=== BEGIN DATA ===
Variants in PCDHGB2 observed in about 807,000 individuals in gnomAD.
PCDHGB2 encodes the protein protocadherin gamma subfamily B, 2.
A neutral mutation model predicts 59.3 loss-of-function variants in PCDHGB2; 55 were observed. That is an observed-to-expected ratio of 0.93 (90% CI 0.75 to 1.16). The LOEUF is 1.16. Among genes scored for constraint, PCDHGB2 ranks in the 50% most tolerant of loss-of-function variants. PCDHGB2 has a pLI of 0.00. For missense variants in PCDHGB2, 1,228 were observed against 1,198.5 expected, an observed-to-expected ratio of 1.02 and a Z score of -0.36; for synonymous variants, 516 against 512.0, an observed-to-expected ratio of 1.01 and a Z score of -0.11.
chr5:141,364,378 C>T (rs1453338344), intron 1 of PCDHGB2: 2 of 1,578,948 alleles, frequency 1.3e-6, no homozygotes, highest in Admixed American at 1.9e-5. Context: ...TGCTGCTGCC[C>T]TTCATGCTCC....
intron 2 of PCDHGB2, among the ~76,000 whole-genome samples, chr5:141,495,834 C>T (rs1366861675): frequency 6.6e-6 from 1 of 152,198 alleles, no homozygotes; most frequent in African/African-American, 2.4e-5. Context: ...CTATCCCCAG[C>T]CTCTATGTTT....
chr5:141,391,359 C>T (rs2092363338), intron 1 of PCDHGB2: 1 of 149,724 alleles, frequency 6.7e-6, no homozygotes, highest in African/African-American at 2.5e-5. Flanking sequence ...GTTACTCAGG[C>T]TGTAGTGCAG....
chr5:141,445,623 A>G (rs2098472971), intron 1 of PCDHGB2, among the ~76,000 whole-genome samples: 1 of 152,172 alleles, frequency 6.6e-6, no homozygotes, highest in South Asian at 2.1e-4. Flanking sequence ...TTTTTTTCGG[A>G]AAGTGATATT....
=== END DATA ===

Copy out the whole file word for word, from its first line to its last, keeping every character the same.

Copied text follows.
Variants in PCDHGB2 observed in about 807,000 individuals in gnomAD.
PCDHGB2 encodes the protein protocadherin gamma subfamily B, 2.
A neutral mutation model predicts 59.3 loss-of-function variants in PCDHGB2; 55 were observed. That is an observed-to-expected ratio of 0.93 (90% CI 0.75 to 1.16). The LOEUF is 1.16. Among genes scored for constraint, PCDHGB2 ranks in the 50% most tolerant of loss-of-function variants. PCDHGB2 has a pLI of 0.00. For missense variants in PCDHGB2, 1,228 were observed against 1,198.5 expected, an observed-to-expected ratio of 1.02 and a Z score of -0.36; for synonymous variants, 516 against 512.0, an observed-to-expected ratio of 1.01 and a Z score of -0.11.
chr5:141,364,378 C>T (rs1453338344), intron 1 of PCDHGB2: 2 of 1,578,948 alleles, frequency 1.3e-6, no homozygotes, highest in Admixed American at 1.9e-5. Context: ...TGCTGCTGCC[C>T]TTCATGCTCC....
intron 2 of PCDHGB2, among the ~76,000 whole-genome samples, chr5:141,495,834 C>T (rs1366861675): frequency 6.6e-6 from 1 of 152,198 alleles, no homozygotes; most frequent in African/African-American, 2.4e-5. Context: ...CTATCCCCAG[C>T]CTCTATGTTT....
chr5:141,391,359 C>T (rs2092363338), intron 1 of PCDHGB2: 1 of 149,724 alleles, frequency 6.7e-6, no homozygotes, highest in African/African-American at 2.5e-5. Flanking sequence ...GTTACTCAGG[C>T]TGTAGTGCAG....
chr5:141,445,623 A>G (rs2098472971), intron 1 of PCDHGB2, among the ~76,000 whole-genome samples: 1 of 152,172 alleles, frequency 6.6e-6, no homozygotes, highest in South Asian at 2.1e-4. Flanking sequence ...TTTTTTTCGG[A>G]AAGTGATATT....